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I TALK TO Larry Lamb & Celia Imrie

Things are about to get interesting in Love And Marriage as episode four sees Larry Lamb and Celia Imrie's characters, Rowan and Tommy come to the forefront. I caught up with them on set for a chat.

In the last episode we found out that Rowan's daughter who went missing has been found and I for one can't wait to find out how that story plays out.

When I went along to set earlier on this year I spoke to Celia and Larry about their characters, that missing daughter and Larry spoke about similarities to Gavin & Stacey, as well as what it was like to work with Alison Steadman again.

Rowan and Tommy have a, shall we say, very interesting set up. How would you best describe their situation and their characters?

Larry: Well, it's me being led astray! 

Celia: Well I'm quite sure that there'll be lots of people looking who, will understand it I think. It's brilliantly written I mean, we were discussing actually how good he (Stewart Harcourt) writes for women. 

Larry: Yes, very well. Which is not to say he doesn't write well for men but he does write brilliantly for women. There's no doubt about it. Wonderful stuff. 

Celia: Yes and the way you sort of find them is not sort of thrown in your face. I love the 'acting down' of it all. I'm sure there'll be many people thinking - "Oh god... maybe I'm in that situation." - It's not a bad situation I don't think. We're not doing any harm to anyone really, I'm sure there'll be lots of people who will understand. I think she absolutely adores Tommy, there's no question about that. 

Larry: There's definitely a bit of - "Have your cake and eat it" - with both of them, absolutely. But there again, you know, as soon as you start to look to stray, you're looking for some sort of fulfilment. And if the other party, the one you're living with, gives you license to do it, which is what's happened here. Then it must be that both parties aren't getting what they want.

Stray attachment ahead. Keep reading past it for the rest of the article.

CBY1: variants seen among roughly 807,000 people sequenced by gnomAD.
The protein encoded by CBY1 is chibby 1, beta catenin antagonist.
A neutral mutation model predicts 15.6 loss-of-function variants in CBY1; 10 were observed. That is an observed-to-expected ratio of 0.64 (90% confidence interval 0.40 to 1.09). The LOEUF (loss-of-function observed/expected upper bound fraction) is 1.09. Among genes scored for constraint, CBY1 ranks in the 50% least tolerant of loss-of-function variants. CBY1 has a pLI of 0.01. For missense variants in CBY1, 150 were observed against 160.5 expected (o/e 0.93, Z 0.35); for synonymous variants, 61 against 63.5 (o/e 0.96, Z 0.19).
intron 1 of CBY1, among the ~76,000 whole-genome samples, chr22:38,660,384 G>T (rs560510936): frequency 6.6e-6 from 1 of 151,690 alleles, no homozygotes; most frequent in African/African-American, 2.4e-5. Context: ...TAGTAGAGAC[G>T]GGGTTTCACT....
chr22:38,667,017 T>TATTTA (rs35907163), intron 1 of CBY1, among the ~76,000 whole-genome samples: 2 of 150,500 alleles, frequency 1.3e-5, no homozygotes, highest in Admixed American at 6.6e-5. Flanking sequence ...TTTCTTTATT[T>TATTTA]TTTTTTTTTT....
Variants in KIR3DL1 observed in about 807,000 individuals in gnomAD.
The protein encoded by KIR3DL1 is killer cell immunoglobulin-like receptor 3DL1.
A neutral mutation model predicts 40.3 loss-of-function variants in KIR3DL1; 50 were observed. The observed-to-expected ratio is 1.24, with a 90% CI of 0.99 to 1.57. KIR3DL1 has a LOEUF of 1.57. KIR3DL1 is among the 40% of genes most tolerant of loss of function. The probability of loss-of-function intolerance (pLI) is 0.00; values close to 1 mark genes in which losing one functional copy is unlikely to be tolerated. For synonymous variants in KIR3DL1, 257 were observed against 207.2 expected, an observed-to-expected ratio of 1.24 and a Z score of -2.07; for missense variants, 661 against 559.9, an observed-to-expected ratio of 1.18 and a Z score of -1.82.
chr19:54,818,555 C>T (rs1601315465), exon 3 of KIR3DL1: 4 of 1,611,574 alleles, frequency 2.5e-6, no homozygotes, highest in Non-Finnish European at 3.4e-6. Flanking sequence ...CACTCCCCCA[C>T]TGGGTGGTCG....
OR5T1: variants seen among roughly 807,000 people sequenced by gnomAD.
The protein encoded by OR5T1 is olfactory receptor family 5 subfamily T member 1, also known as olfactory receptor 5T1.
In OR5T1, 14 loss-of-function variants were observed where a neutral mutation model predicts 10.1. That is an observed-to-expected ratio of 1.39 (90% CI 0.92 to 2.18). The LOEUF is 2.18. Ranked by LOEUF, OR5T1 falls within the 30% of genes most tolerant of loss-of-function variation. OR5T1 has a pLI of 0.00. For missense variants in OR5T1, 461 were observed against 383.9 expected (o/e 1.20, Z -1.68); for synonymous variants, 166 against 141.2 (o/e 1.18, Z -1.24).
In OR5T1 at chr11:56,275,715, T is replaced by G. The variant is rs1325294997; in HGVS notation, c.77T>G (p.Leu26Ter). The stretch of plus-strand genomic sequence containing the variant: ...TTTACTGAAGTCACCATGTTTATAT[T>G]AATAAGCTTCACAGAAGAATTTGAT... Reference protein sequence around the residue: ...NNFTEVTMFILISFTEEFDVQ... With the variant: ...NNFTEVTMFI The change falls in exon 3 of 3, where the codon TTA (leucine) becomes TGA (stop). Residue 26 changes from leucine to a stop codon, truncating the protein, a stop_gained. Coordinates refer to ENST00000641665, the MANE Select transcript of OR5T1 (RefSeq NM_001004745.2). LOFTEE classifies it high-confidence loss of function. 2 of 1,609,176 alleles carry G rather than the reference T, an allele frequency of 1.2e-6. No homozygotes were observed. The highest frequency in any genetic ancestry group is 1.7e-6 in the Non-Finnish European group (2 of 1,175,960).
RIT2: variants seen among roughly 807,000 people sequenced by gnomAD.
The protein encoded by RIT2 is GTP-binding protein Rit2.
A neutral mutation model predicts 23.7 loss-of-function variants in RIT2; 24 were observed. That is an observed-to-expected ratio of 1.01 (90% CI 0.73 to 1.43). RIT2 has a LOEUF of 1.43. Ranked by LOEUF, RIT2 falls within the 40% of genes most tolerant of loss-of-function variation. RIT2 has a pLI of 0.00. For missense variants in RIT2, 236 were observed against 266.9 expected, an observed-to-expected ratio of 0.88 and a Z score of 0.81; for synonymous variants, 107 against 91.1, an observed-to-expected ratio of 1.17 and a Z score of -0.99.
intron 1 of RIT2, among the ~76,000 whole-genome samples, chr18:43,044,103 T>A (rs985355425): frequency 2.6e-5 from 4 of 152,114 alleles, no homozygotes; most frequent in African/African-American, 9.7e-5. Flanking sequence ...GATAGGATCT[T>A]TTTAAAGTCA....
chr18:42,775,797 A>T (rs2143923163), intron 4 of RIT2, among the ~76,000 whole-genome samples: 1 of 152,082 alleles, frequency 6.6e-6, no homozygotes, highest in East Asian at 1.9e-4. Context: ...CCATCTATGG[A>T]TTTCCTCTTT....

Even if all she wants is - "Just get him out the house." - and doesn't really want him around, you can only assume that's why the deal's been done. Because it is very definitely NOT an illicit relationship, which certainly changes and sets the tone. That's the interesting thing about it. If it were an illicit relationship, the dynamic would be completely different. It's on the level but it's got boundaries within it.

Does Pauline's arrival change your relationship at all?

Larry: Good point. That's an interesting question. Perhaps one we should have addressed - but we haven't! The fact is, the situation is that Pauline has arrived into our relationship. 

Celia: But it hasn't, seemingly, upset the balance. And strangely today, in a scene, she tells me off about all the people that I've had and I say to her - "You said I was wrong about Tommy." - To which she says - "No. I was wrong about Tommy." Which in those two sentences, actually, means - "He's great." 

How would you best describe Rowan's relationship with her granddaughter? Rowan's brought her up right in the absence of her mother, your daughter?

Celia: Yes, it's like a second chance for her to make it OK. But at the time we're at now, episode four, things are on very very icy ground. I find the situation of her daughter having gone, is unbearable. I don't know how she's coped. I mean it would have been better if the daughter was dead, really. How she's coped I don't know. An awful lot has been buried, Rowan's had to absolutely smash it all down. It's just awful - when she has to see her again in episode four - it's awful, unbearable. I mean to realise what's happened, it's quite cruel actually as well, of the daughter. 

Would you say Love And Marriage is predominantly comedy, or is it very much balanced between comedy and drama?